The federal government has been given the go-ahead to carry out the first execution since 2003 after a federal appeals court lifted an injunction that had been put in place last week.
Daniel Lewis Lee, of Yukon, Oklahoma, is scheduled to be executed by lethal injection at 4 p.m. Monday at a federal prison in Indiana. He was sentenced to the death penalty in 1996 in Arkansas for the killings of gun dealer William Mueller, his wife, Nancy, and her 8-year-old daughter, Sarah Powell.
Lee's scheduled execution is the first in nearly two decades comes after a judge lifted an injunction put in place last week after the victims' family argued they faced a high risk of catching the coronavirus if they had to travel to attend the execution.
However, the federal appeals court lifted the injunction and said it will allow the federal government to carry out Lee's execution, as well as two others that have been scheduled for later this week.
Attorney General William Barr last week told the Associated Press that the Justice Department had a duty to carry out sentences that have been imposed by courts in order to bring a sense of closure to the victims and the community where the killings happened.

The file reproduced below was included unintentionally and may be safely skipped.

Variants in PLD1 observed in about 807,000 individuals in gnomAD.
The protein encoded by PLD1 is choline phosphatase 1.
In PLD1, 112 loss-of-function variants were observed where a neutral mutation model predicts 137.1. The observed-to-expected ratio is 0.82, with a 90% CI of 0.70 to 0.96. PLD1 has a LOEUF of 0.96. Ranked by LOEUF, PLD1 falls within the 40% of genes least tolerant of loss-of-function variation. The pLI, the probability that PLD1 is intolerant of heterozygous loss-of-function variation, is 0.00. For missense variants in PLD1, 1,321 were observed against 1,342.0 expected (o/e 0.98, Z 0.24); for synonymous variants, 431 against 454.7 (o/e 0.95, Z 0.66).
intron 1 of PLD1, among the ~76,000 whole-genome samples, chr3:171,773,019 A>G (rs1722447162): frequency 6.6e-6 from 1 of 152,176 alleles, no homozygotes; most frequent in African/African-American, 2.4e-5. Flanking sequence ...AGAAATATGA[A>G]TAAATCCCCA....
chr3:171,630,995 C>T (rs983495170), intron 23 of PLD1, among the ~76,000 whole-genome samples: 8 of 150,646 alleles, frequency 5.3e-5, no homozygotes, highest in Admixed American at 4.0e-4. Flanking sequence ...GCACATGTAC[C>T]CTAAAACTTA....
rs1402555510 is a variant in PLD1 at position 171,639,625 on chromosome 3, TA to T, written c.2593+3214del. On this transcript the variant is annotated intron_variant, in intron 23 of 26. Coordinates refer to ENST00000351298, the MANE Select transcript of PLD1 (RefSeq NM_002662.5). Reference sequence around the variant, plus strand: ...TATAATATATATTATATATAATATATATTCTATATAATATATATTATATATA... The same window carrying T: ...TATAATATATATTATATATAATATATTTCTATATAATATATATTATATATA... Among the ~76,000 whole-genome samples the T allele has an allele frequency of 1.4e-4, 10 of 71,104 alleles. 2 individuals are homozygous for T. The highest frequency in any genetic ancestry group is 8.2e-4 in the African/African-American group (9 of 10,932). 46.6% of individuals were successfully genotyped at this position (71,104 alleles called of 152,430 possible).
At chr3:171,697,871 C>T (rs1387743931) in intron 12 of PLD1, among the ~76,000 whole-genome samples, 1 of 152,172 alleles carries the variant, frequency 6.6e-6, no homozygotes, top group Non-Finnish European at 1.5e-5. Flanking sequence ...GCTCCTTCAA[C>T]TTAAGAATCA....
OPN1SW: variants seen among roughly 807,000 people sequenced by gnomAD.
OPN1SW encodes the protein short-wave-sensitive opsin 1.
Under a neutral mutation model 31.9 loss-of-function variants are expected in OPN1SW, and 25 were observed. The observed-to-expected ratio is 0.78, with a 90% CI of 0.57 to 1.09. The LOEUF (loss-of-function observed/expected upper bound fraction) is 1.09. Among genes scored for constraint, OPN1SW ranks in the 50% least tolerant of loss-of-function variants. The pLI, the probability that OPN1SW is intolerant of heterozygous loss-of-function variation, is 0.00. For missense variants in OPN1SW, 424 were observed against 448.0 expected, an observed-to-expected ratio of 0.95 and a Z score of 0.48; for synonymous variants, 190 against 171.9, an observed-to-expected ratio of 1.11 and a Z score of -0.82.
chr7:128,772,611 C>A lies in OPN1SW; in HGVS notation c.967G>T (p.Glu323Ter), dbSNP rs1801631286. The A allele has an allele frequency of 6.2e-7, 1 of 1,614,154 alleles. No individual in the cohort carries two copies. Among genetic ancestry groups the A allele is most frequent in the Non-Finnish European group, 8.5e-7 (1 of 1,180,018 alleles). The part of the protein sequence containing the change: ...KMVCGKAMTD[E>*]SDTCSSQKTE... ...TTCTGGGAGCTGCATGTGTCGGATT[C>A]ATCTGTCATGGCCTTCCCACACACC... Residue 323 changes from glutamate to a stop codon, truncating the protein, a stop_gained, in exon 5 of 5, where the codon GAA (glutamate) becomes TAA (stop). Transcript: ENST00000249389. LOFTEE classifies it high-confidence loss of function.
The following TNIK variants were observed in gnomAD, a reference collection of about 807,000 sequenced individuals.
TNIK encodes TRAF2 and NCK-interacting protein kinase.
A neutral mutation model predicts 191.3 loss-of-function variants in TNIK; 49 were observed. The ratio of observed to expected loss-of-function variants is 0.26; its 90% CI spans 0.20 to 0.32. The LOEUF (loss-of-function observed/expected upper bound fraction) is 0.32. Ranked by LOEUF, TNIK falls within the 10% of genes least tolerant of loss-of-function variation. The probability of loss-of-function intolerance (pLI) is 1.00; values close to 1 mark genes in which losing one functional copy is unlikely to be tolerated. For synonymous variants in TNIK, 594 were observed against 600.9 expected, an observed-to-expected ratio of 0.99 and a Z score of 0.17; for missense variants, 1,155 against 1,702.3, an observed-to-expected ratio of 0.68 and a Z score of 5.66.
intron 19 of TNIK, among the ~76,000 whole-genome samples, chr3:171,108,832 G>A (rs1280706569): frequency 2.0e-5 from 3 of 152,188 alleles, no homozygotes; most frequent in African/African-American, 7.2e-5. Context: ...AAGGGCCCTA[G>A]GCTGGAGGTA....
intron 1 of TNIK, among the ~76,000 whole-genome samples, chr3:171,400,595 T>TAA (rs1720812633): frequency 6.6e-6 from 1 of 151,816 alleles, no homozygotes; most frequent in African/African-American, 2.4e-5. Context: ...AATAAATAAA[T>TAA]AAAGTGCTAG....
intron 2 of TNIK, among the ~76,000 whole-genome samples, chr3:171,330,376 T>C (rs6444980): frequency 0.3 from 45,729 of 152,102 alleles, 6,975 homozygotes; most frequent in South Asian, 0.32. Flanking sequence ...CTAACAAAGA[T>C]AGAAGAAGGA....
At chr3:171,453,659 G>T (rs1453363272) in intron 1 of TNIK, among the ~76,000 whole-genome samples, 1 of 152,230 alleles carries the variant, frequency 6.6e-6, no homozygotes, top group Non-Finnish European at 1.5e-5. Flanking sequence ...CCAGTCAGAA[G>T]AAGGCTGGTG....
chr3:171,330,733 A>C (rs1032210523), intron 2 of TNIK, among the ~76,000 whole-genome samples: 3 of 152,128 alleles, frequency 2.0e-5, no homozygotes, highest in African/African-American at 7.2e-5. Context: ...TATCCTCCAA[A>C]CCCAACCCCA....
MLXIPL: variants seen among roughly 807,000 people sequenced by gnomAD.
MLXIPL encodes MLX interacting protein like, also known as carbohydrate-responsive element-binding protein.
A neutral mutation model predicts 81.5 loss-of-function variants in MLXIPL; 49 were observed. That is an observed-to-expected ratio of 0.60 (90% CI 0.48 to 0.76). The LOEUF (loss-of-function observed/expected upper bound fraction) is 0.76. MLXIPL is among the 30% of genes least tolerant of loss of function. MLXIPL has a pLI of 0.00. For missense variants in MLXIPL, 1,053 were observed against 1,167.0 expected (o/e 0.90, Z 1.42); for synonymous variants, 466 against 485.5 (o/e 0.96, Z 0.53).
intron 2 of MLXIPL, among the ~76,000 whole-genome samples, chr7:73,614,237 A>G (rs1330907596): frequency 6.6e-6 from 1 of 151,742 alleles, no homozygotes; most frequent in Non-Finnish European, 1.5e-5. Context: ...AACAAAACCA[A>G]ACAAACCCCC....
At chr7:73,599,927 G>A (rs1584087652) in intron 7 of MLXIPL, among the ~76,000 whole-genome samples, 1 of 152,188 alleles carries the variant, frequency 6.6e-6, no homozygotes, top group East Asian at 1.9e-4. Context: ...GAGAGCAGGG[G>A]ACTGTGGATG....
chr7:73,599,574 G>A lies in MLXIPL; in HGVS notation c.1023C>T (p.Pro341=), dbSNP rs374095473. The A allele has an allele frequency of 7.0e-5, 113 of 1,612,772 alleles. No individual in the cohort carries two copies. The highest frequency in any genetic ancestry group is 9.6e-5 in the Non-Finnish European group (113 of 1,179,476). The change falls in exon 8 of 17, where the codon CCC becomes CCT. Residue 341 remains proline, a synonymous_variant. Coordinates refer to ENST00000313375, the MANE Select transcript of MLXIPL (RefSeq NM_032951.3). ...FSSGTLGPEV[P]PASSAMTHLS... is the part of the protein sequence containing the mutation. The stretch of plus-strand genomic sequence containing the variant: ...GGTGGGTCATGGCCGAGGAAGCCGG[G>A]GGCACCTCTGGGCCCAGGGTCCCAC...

However, relatives of the victims told NBC News that they want to be present to counter any idea that it was being don on their behalf.
“For us it is a matter of being there and saying, `This is not being done in our name; we do not want this,’” said relative Monica Veillette.
In filing the injunction last week, the families expressed concerns over the coronavirus, saying they would need to travel thousands of miles and witness the execution in a small room where social distancing is virtually impossible. The Terre Haute prison where Lee is scheduled to be executed later today, has currently confirmed at least four coronavirus cases among inmates there. At least one inmate has died from the virus.
“The federal government has put this family in the untenable position of choosing between their right to witness Danny Lee’s execution and their own health and safety,” the family’s attorney, Baker Kurrus, said Sunday.
However, Barr says the Bureau of Prisons will be able to carry out the executions while reducing the risk of catching the virus. The department reportedly added several measures, including temperature checks and requirements for witnesses to wear masks.
Three inmates are scheduled to be executed this week, ending the informal moratorium on federal capital punishment. A fourth inmate is scheduled for execution in August.
The last person the federal government put to death was Louis Jones in 2003, who was convicted for the 1995 kidnapping, rape and murder of a young female soldier. In 2014, President Barack Obama ordered a broad review of federal capital punishment and the issues surrounding the drugs used for lethal injections after an execution in Oklahoma went wrong.
Barr says the Justice Department completed their review and he has approved a new procedure for lethal injections that replaces the three-drug cocktail that was previously used. Now, pentobarital, will be used instead, following examples set by Georgia, Missouri and Texas.
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